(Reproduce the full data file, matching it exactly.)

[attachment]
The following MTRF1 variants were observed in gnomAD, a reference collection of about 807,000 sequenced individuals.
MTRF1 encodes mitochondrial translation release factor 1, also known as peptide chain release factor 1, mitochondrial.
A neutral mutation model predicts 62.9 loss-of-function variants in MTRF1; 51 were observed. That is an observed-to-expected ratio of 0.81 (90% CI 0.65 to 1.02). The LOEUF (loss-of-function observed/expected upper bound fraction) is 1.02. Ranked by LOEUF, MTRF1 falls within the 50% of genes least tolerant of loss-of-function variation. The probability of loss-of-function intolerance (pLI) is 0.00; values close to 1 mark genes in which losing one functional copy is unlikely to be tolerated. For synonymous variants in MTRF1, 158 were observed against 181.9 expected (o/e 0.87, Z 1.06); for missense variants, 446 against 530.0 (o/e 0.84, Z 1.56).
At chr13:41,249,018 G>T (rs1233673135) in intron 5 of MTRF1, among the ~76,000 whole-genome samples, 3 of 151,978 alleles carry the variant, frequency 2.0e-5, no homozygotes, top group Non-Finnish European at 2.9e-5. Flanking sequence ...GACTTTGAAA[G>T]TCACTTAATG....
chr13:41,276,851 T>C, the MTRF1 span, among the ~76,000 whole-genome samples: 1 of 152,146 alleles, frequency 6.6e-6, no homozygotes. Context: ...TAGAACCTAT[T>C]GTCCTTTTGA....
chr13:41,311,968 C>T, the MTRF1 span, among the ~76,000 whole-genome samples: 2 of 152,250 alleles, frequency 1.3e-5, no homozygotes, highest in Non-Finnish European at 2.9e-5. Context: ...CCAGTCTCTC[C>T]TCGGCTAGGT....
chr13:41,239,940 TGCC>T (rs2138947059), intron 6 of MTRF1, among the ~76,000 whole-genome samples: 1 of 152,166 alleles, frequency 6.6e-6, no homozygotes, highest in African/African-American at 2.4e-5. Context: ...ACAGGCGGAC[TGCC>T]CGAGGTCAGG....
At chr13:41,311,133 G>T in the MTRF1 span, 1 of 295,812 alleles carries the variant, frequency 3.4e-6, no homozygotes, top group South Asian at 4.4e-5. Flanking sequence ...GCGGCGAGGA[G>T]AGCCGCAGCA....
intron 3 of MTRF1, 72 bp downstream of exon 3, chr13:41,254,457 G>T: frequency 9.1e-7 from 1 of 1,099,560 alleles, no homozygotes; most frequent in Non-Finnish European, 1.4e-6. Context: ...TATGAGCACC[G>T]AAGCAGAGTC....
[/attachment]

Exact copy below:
The following MTRF1 variants were observed in gnomAD, a reference collection of about 807,000 sequenced individuals.
MTRF1 encodes mitochondrial translation release factor 1, also known as peptide chain release factor 1, mitochondrial.
A neutral mutation model predicts 62.9 loss-of-function variants in MTRF1; 51 were observed. That is an observed-to-expected ratio of 0.81 (90% CI 0.65 to 1.02). The LOEUF (loss-of-function observed/expected upper bound fraction) is 1.02. Ranked by LOEUF, MTRF1 falls within the 50% of genes least tolerant of loss-of-function variation. The probability of loss-of-function intolerance (pLI) is 0.00; values close to 1 mark genes in which losing one functional copy is unlikely to be tolerated. For synonymous variants in MTRF1, 158 were observed against 181.9 expected (o/e 0.87, Z 1.06); for missense variants, 446 against 530.0 (o/e 0.84, Z 1.56).
At chr13:41,249,018 G>T (rs1233673135) in intron 5 of MTRF1, among the ~76,000 whole-genome samples, 3 of 151,978 alleles carry the variant, frequency 2.0e-5, no homozygotes, top group Non-Finnish European at 2.9e-5. Flanking sequence ...GACTTTGAAA[G>T]TCACTTAATG....
chr13:41,276,851 T>C, the MTRF1 span, among the ~76,000 whole-genome samples: 1 of 152,146 alleles, frequency 6.6e-6, no homozygotes. Context: ...TAGAACCTAT[T>C]GTCCTTTTGA....
chr13:41,311,968 C>T, the MTRF1 span, among the ~76,000 whole-genome samples: 2 of 152,250 alleles, frequency 1.3e-5, no homozygotes, highest in Non-Finnish European at 2.9e-5. Context: ...CCAGTCTCTC[C>T]TCGGCTAGGT....
chr13:41,239,940 TGCC>T (rs2138947059), intron 6 of MTRF1, among the ~76,000 whole-genome samples: 1 of 152,166 alleles, frequency 6.6e-6, no homozygotes, highest in African/African-American at 2.4e-5. Context: ...ACAGGCGGAC[TGCC>T]CGAGGTCAGG....
At chr13:41,311,133 G>T in the MTRF1 span, 1 of 295,812 alleles carries the variant, frequency 3.4e-6, no homozygotes, top group South Asian at 4.4e-5. Flanking sequence ...GCGGCGAGGA[G>T]AGCCGCAGCA....
intron 3 of MTRF1, 72 bp downstream of exon 3, chr13:41,254,457 G>T: frequency 9.1e-7 from 1 of 1,099,560 alleles, no homozygotes; most frequent in Non-Finnish European, 1.4e-6. Context: ...TATGAGCACC[G>T]AAGCAGAGTC....